If you don’t define this passion, the focus will turn to revenue.
In the long run, it is very hard to get a department to rally around “Our passion is driving revenue to increase the value of the club.”
That should be the result of our passion.
As we think about our department, we must come to a collective mission. Why does our sponsorship department exist? What mark will we leave? What results in 10 years from now will we be proud that we achieved?
When we interview a candidate for a sponsorship position, how do we know they will fit our culture if we don’t have a passion to rally around?
When we hire them, how do we know what direction to point them in?
It is a must to define what we are passionate about as a department. It gives our department a reason to wake up each morning. It gives us a tangible mark to hit (most local business accounts in the league and most dollars driven to them).
Most important, it gives us something that we can stand out on. We can be known for. This will help us compete against other advertising platforms.
What can we be the best in the world at?
This part is a massive part that I think we fail at in sponsorship.
As competition for ad dollars heat up, if you can’t answer this question you will lose out on dollars. If we can’t answer this question…we become commoditized in the industry. We put ourselves into a place where we become good at everything…but not the best in the world.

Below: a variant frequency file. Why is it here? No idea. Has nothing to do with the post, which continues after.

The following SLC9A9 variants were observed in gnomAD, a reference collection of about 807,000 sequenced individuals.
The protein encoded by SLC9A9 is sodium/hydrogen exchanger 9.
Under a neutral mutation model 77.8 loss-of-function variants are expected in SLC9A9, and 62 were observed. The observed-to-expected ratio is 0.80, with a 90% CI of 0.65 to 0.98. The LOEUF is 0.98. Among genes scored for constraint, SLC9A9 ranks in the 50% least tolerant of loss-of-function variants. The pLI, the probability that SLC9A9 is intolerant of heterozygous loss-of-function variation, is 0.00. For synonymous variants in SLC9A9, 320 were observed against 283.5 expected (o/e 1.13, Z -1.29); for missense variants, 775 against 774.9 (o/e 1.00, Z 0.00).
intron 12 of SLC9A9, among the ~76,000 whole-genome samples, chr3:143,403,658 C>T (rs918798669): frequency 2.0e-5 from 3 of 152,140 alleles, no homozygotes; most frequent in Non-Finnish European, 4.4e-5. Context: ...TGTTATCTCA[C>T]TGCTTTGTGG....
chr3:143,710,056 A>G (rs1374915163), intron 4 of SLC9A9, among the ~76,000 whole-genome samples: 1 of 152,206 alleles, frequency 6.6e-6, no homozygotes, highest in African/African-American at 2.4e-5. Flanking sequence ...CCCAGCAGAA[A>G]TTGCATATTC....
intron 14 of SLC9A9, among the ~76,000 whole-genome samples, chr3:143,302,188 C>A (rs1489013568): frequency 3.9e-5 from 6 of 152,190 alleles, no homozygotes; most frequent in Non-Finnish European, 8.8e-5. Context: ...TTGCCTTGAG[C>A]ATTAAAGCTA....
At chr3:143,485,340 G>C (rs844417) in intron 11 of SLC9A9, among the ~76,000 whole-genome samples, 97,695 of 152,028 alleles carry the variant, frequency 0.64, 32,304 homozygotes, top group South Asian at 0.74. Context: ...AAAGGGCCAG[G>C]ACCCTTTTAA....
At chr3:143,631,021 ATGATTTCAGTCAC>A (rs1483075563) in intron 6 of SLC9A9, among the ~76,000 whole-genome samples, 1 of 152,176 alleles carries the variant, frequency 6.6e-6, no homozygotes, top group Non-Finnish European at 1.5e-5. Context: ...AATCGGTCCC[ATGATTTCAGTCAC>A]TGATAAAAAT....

The answer shouldn’t be ‘We are the best at sports sponsorship’. That definition is too broad. I somewhat think even “we are the best in the world at reaching our fans.” is an issue…
Do you reach your fans better than a third-party as Barstool does? Can you prove that?
Do you reach your fans better than if the brand targeted your fans on social media?
This is why it is so important to define this as a department. It will open your vulnerabilities and blind spots.
By asking the question to your team “what are we the best in the world at?”, you start to see where your vulnerabilities are.
You also can understand where your strengths are. How do you reach your fans better than Barstool? What specific metrics, tangible and intangible, can you point to that make your sponsorship a better buy than other outlets?